4. 4. 4 The findings for life insurance (Figure 3) show that this line of business is less volatile; nonetheless, seven percent of customers are very likely to stop doing business with one of their insurance providers in the next 12 months, and 10 percent will take out a new contract with a new provider. Using the findings of this study, Accenture has calculated1 that there was potentially up to $400 billion in revenue “in play” globally in 2013 as personal-lines P&C and life insurance customers chose to switch providers. We call it the switching economy, because it represents existing premium income that is up for grabs by those insurers that are best placed to meet customers’ demands. The dramatic success of direct online carriers in increasing their share of the US auto insurance market is one example; others are the rapid ascent to dominance of auto insurance aggregators in the United Kingdom, the strong interest in usage-based insurance in many parts of the world, and the advent of numerous online businesses that offer innovative services specifically designed to meet customers’ changing needs (see sidebar, “Bold new ventures capture customers”). In addition to competing for new business, insurers are thus engaged in a fierce battle to prevent their existing customers from being seduced by lower premiums and a wide array of new and appealing offers. Until now, as the depressingly flat lines in Figure 1 confirm, most insurers have been treading water, essentially playing to avoid losing. This only works as long as all competitors adopt the same strategy. But clearly this isn’t the case. To compete effectively for the switching economy— and to prevent their own customers from defecting—insurers have no choice but to play to win. Figure 4. A significant proportion of customers are planning to renew or purchase insurance Q: Do you plan to purchase or renew at least one of your insurance products in the next 12 months? Renew Purchase a new product I do not plan to purchase or renew insurance products 72% 58% 14% 28% Figure 3. Churn is lower in life than in P&C insurance, but at least 1 in 10 customers are likely to defect to a new provider Q: How likely are you, in the next 12 months, to do the following things with regard to life insurance? Very likely Somewhat likely Not very likely Very unlikely 27% 6% 21% 36% 37% 35% 10% 25% 33% 32% 36% 10% 26% 32% 32% 45% 26% 29% 24% 21% 25% 7% 18% 39% 36% Life insurance Stop contributing to an existing contract but keep it in force Take out a new contract with a new provider Take out a new contract with a current provider Renew an existing contract which is due to expire Cancel an existing contract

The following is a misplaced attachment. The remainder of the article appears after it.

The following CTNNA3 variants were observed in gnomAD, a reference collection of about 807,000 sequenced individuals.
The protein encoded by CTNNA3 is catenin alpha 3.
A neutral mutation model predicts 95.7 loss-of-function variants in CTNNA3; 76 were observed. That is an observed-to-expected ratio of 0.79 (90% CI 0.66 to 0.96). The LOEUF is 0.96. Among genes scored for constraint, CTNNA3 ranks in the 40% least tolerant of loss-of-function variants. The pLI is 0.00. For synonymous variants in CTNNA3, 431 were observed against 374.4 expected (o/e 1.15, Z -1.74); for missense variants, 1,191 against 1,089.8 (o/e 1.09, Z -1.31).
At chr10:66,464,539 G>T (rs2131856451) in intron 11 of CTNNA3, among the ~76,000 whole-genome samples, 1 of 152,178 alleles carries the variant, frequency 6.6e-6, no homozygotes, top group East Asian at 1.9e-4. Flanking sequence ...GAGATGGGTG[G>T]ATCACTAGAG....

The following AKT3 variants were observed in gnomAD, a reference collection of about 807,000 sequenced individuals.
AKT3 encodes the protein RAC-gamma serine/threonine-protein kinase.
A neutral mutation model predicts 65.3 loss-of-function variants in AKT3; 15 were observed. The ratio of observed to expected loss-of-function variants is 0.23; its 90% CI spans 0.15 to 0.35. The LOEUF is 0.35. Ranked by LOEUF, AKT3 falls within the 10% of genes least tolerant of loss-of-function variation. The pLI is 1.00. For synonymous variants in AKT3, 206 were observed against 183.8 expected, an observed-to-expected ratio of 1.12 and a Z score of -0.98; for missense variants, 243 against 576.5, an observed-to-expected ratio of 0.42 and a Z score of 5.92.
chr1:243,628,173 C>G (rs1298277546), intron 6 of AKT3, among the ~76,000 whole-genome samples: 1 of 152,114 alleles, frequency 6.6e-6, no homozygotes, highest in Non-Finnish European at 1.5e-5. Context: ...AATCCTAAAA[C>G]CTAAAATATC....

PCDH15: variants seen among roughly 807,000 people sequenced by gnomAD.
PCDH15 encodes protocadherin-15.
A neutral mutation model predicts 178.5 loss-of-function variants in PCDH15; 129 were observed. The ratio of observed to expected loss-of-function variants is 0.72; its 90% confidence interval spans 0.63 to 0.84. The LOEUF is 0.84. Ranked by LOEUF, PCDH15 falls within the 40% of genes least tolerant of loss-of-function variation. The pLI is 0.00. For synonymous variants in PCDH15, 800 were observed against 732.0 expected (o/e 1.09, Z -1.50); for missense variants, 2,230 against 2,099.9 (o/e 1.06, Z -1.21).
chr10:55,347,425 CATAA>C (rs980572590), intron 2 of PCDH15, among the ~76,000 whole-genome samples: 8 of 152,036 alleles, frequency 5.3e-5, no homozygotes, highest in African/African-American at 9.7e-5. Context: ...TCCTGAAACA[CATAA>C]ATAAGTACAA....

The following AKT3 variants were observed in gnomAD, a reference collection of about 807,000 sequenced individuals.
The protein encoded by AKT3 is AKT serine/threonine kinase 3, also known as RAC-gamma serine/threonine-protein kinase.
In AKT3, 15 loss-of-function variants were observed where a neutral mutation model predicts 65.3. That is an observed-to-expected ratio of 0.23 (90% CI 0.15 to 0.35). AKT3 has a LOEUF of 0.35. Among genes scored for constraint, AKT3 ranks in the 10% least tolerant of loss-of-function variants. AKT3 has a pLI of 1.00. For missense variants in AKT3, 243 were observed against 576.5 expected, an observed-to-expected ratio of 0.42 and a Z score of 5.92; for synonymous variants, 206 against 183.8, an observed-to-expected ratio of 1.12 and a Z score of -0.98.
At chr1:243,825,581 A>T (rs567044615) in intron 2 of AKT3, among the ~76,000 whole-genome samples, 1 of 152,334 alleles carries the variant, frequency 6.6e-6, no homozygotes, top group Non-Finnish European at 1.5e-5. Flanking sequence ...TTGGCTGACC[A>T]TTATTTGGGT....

5. 5. 5 While many insurers persist with a defensive strategy of playing to avoid losing, others have achieved notable success with more aggressive approaches that take advantage of digital innovation to offer customers better prices or more relevant services—or both. The rapid growth of GEICO, Progressive and USAA’s direct online auto insurance businesses in the United States is well documented, as is the stunning growth of price comparison sites in the United Kingdom, which are estimated to influence more than half of all new motor insurance sales. Recognizing that price—or value for money—is a key driver of switching, many players have launched radical offers that customers find hard to resist. Progressive’s Name Your Price is an online tool that collects basic information from prospective customers, including their auto insurance “budget.” It recommends a package that matches this budget, and then allows the customer to adjust the price, adding or removing insurance features to create a tailored package that achieves the best balance of suitability and affordability. A different approach to making auto insurance affordable is the telematics concept offered by the UK online carrier Insurethebox. Customers buy miles of coverage in advance. They then allow their car usage to be monitored by an onboard device, and top up their insurance when their miles run low. They are rewarded with bonus miles for safe driving, and for purchasing any of a wide variety of goods from the insurer’s ecosystem of retail partners. Retention is strengthened by the customers’ perception that their insurance is priced specifically for them, as well as by the appeal of the loyalty program. Price matters a great deal in the life sector too, where novel start-ups are using digital technology to lure customers who are loath to pay the fees many advisors charge. FutureAdvisor invites clients to supply all of their financial data and sufficient personal data to create unique investment profiles. Its software program applies investment best practices to its customers’ investment portfolios, sending them regular impartial recommendations for optimizing their portfolios. This service is free. Customers only pay when they commission FutureAdvisor to carry out the changes on their behalf, which they are only likely to do if and when the advice proves to be sound. While price is a major factor behind switching, it is certainly not the only one—a Datamonitor survey2 found that only 37 percent of respondents who bought auto insurance from a UK comparison site selected the lowest quote. Reputation, flexibility, convenience, personalized advice and innovation are just a few of the factors that influence the choice. Bold new ventures capture customers